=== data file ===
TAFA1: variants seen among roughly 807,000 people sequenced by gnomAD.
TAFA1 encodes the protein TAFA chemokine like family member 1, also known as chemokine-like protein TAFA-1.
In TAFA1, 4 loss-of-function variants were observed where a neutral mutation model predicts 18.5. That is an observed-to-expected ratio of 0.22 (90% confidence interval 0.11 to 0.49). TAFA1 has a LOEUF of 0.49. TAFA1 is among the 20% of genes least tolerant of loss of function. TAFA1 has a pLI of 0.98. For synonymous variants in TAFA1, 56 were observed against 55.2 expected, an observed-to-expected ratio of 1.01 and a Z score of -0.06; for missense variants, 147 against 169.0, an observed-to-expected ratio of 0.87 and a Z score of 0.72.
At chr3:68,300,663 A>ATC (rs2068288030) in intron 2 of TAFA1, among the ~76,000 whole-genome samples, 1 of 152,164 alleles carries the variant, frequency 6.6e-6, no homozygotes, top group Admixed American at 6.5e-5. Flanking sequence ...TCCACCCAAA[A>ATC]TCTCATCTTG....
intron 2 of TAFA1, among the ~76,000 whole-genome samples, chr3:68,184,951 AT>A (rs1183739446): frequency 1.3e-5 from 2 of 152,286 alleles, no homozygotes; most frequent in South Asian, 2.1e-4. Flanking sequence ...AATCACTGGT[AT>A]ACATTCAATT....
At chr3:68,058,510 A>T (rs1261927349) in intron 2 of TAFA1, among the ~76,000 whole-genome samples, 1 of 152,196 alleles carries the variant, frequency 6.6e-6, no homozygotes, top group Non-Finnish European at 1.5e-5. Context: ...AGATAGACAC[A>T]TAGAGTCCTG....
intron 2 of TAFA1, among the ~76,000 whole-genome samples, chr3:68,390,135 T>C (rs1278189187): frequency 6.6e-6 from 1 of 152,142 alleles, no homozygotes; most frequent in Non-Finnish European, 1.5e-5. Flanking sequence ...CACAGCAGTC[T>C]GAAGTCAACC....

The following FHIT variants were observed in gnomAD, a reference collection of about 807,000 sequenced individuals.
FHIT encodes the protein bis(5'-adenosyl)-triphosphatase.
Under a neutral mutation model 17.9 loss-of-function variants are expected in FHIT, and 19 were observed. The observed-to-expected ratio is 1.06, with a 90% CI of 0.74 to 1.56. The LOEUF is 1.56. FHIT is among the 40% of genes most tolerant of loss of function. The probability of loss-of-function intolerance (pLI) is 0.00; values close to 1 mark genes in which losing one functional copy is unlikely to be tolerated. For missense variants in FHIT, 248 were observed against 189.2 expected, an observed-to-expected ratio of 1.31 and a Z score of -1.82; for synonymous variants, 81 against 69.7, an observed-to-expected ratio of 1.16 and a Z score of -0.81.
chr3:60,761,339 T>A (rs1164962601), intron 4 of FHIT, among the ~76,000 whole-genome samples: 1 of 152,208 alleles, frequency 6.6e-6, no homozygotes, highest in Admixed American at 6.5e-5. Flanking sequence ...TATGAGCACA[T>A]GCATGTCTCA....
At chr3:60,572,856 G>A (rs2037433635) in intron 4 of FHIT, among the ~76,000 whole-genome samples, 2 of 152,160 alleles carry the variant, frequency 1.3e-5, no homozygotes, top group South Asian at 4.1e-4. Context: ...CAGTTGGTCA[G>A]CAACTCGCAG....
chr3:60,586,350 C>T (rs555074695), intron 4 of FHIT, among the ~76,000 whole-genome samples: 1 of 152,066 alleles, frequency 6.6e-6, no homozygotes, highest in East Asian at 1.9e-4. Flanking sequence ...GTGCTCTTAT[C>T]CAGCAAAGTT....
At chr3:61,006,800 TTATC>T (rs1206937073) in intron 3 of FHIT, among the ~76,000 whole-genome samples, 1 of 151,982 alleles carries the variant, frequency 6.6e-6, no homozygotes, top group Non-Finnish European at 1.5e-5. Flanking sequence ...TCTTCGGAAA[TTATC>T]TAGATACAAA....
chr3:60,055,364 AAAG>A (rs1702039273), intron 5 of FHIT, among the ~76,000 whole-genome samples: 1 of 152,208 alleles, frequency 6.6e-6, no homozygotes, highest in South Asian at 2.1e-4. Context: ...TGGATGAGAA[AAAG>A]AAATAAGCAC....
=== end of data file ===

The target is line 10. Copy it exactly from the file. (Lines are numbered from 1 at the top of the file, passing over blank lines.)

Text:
Under a neutral mutation model 17.9 loss-of-function variants are expected in FHIT, and 19 were observed. The observed-to-expected ratio is 1.06, with a 90% CI of 0.74 to 1.56. The LOEUF is 1.56. FHIT is among the 40% of genes most tolerant of loss of function. The probability of loss-of-function intolerance (pLI) is 0.00; values close to 1 mark genes in which losing one functional copy is unlikely to be tolerated. For missense variants in FHIT, 248 were observed against 189.2 expected, an observed-to-expected ratio of 1.31 and a Z score of -1.82; for synonymous variants, 81 against 69.7, an observed-to-expected ratio of 1.16 and a Z score of -0.81.